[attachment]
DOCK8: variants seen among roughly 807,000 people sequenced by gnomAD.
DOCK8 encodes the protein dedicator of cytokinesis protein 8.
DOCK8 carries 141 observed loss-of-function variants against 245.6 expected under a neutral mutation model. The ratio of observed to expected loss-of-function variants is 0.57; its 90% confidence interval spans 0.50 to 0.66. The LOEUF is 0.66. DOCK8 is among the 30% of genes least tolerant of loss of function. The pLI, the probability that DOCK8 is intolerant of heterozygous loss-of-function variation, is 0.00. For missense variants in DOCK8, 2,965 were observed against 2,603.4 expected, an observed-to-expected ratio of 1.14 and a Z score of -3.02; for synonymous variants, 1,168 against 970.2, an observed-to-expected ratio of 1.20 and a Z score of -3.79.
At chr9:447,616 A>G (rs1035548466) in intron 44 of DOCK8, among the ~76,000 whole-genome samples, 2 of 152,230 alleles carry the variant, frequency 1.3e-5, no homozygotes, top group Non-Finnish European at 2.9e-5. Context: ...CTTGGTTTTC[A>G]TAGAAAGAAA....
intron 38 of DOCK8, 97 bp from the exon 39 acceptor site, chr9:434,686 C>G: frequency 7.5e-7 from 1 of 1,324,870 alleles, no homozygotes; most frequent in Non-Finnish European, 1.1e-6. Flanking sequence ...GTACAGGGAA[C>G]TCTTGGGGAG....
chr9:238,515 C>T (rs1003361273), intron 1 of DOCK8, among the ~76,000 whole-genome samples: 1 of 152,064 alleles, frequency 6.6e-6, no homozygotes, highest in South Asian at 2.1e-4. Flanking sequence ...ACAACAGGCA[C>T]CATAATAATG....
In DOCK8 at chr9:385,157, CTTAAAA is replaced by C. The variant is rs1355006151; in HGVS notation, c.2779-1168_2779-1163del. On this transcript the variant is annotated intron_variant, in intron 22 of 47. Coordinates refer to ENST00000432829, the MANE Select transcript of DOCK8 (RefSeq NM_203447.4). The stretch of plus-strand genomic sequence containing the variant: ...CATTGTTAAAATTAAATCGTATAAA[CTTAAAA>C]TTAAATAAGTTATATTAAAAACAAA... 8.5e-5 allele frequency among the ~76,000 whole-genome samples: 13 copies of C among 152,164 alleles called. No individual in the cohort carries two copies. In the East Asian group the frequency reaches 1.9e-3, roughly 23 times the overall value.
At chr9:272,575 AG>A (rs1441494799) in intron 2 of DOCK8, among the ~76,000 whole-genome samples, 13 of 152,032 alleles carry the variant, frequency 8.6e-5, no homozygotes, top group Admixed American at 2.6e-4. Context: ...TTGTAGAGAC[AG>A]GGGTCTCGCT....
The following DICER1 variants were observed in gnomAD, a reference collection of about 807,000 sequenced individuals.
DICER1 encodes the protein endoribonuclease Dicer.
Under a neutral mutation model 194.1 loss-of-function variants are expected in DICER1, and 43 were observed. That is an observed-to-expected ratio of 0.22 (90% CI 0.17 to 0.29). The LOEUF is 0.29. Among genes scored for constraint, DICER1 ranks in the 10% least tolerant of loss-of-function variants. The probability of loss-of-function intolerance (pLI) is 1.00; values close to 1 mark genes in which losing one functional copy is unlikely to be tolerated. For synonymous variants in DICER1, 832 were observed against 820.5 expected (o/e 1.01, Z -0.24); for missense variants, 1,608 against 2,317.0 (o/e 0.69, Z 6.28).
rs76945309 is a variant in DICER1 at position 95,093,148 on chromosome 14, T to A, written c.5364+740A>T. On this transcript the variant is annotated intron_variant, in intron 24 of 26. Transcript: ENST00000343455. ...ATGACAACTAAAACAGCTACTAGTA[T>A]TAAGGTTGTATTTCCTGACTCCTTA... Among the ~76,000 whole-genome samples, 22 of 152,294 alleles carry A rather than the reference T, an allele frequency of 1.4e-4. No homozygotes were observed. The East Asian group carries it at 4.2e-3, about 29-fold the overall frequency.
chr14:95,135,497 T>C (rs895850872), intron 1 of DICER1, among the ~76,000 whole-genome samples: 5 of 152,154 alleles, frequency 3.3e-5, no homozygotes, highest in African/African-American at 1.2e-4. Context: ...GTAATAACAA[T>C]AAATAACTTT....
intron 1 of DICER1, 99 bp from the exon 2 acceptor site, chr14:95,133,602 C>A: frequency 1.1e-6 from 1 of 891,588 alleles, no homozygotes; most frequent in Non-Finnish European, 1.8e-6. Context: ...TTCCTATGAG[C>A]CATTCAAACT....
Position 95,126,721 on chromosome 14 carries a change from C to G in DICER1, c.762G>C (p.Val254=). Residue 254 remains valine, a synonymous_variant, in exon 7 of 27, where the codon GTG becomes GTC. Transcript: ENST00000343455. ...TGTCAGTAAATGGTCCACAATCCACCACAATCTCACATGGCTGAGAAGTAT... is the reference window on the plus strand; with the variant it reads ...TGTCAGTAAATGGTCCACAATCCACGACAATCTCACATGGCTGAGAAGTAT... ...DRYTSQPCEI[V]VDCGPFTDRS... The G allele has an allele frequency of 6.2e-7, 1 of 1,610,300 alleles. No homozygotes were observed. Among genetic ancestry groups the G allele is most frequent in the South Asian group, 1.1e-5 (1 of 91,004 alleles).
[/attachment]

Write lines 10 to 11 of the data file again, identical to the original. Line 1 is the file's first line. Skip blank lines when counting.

DICER1 encodes the protein endoribonuclease Dicer.
Under a neutral mutation model 194.1 loss-of-function variants are expected in DICER1, and 43 were observed. That is an observed-to-expected ratio of 0.22 (90% CI 0.17 to 0.29). The LOEUF is 0.29. Among genes scored for constraint, DICER1 ranks in the 10% least tolerant of loss-of-function variants. The probability of loss-of-function intolerance (pLI) is 1.00; values close to 1 mark genes in which losing one functional copy is unlikely to be tolerated. For synonymous variants in DICER1, 832 were observed against 820.5 expected (o/e 1.01, Z -0.24); for missense variants, 1,608 against 2,317.0 (o/e 0.69, Z 6.28).